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Losing The Duke of Flatbush

Losing The Duke of Flatbush Don Wingfield / National Baseball Hall of Fame Library

No 4 Duke Snider passed away this morning at the age of 84. Another pillar from the legendary team named “The Boys Of Summer” has left us, leaving a legacy of being one of the greatest center fielders the game has ever seen.

Hearing the news today while listening to the Mets game pretty much crushed me. I know I was never there to see The Duke play, nor did I ever meet the man, but if you’ve looked around this blog, you know I have a very special place in my heart for the Brooklyn Dodgers. As you can see on this post, the thumbnail is a jersey I own signed by Duke Snider and is one of my most cherished baseball treasures. My favorite player of all-time is Gil Hodges. I admire Robinson for his strength, Reese for his empathy, Campanella for his perseverance, and Snider for his grit and love of the game.

The Duke was inspiring. He played a position in a city where the other two teams boasted Willie Mays and Mickey Mantle, casting a very huge shadow. Yet, he kept his own and established himself as not a follower, but a leader. His bat was one that helped the Brooklyn Dodgers to their only series win in 1955, produced 407 home runs and 2,116 hits. Snider was inducted into the Baseball Hall of Fame in 1980 and took his place in Cooperstown with the greats. For more of a stat break down, read this great article by Cliff Corcoran on SI.com.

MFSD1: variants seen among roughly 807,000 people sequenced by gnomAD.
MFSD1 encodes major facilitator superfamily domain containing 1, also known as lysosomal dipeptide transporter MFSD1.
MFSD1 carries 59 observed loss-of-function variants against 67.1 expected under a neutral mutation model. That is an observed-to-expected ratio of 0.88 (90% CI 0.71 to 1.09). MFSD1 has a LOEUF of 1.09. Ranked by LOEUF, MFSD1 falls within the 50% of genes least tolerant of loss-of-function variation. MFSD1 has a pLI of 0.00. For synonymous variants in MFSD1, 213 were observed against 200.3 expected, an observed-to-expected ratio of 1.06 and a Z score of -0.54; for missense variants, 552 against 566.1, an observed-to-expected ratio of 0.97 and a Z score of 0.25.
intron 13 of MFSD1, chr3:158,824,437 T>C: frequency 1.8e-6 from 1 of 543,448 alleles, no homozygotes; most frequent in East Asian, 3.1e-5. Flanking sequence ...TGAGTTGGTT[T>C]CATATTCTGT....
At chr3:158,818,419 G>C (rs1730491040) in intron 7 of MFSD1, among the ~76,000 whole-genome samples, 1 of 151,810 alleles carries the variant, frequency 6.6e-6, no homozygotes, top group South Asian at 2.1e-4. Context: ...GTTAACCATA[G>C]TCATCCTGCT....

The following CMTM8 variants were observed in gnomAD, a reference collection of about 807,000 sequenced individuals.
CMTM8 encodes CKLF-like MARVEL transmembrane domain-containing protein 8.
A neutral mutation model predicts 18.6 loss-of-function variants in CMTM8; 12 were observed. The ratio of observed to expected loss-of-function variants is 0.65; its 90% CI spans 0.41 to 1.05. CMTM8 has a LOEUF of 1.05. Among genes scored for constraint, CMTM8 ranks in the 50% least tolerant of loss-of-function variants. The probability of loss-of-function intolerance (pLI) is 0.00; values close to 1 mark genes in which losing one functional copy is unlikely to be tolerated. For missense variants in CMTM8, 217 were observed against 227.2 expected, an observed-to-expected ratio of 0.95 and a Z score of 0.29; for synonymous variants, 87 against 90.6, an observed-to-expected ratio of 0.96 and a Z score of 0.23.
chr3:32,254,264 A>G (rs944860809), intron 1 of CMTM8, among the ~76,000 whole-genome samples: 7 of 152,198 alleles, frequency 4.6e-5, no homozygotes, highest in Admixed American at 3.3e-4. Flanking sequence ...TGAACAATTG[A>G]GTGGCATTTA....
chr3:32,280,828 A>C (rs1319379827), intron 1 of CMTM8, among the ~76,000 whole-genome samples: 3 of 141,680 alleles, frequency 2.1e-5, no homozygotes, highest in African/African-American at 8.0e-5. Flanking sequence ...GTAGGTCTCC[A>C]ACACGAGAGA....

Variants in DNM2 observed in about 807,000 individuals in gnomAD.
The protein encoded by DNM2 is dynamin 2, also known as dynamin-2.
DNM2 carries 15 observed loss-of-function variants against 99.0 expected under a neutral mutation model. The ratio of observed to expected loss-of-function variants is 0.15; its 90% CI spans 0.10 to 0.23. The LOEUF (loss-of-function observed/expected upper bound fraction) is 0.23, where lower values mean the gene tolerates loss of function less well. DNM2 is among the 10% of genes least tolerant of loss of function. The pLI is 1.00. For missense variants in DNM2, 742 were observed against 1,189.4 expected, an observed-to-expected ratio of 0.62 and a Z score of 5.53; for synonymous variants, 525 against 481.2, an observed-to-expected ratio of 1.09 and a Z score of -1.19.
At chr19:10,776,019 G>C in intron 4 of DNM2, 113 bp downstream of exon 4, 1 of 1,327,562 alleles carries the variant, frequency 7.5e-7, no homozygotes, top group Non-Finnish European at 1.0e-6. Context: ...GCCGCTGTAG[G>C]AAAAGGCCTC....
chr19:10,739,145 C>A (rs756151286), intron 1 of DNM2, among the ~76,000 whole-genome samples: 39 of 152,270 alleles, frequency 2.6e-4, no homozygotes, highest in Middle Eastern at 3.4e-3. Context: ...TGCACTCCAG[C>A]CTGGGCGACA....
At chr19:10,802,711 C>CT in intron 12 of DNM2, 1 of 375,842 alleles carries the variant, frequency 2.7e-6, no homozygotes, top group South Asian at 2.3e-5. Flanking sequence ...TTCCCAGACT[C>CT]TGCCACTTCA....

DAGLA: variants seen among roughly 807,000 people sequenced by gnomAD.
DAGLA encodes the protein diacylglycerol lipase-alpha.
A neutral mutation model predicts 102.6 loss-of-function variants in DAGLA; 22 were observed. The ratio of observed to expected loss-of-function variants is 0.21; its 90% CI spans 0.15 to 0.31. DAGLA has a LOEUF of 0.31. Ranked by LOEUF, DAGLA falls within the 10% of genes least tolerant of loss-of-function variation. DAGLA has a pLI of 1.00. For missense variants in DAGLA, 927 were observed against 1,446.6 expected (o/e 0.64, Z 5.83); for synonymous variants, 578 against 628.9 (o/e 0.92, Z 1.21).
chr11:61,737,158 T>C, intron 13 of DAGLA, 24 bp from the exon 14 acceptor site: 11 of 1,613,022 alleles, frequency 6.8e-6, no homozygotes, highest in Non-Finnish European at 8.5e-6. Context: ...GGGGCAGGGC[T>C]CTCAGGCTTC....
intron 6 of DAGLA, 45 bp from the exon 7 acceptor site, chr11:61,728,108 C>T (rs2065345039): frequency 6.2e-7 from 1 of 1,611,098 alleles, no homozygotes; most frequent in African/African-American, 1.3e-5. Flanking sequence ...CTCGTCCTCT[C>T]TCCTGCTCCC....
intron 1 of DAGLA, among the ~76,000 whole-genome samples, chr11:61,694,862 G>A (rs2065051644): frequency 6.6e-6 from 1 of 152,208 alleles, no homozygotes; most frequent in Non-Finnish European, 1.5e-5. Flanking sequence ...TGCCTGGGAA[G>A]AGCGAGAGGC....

To the fans of Brooklyn Duke Snider was a god. The amount of fans that adored The Duke was insurmountable. Kids all up and down Flatbush Ave played stickball pretending to be old number 4 and hitting the game winning home run. The Brooklyn Dodgers represented the working man’s team – and Duke was one of them. As he crossed the street to get to Ebbets the fans would wish him good luck and say hello just like they would anyone else in the neighborhood going to work.

Snider was part of an era where the game was pure. You played for the love of the game,not for the money. You played for the fans in the stands and to get to the promised land – to become part of baseball immortality. That has got to be the number one reason why I love that era in baseball. Unfortunately those days are long gone and another one of its candles has sadly burned out.

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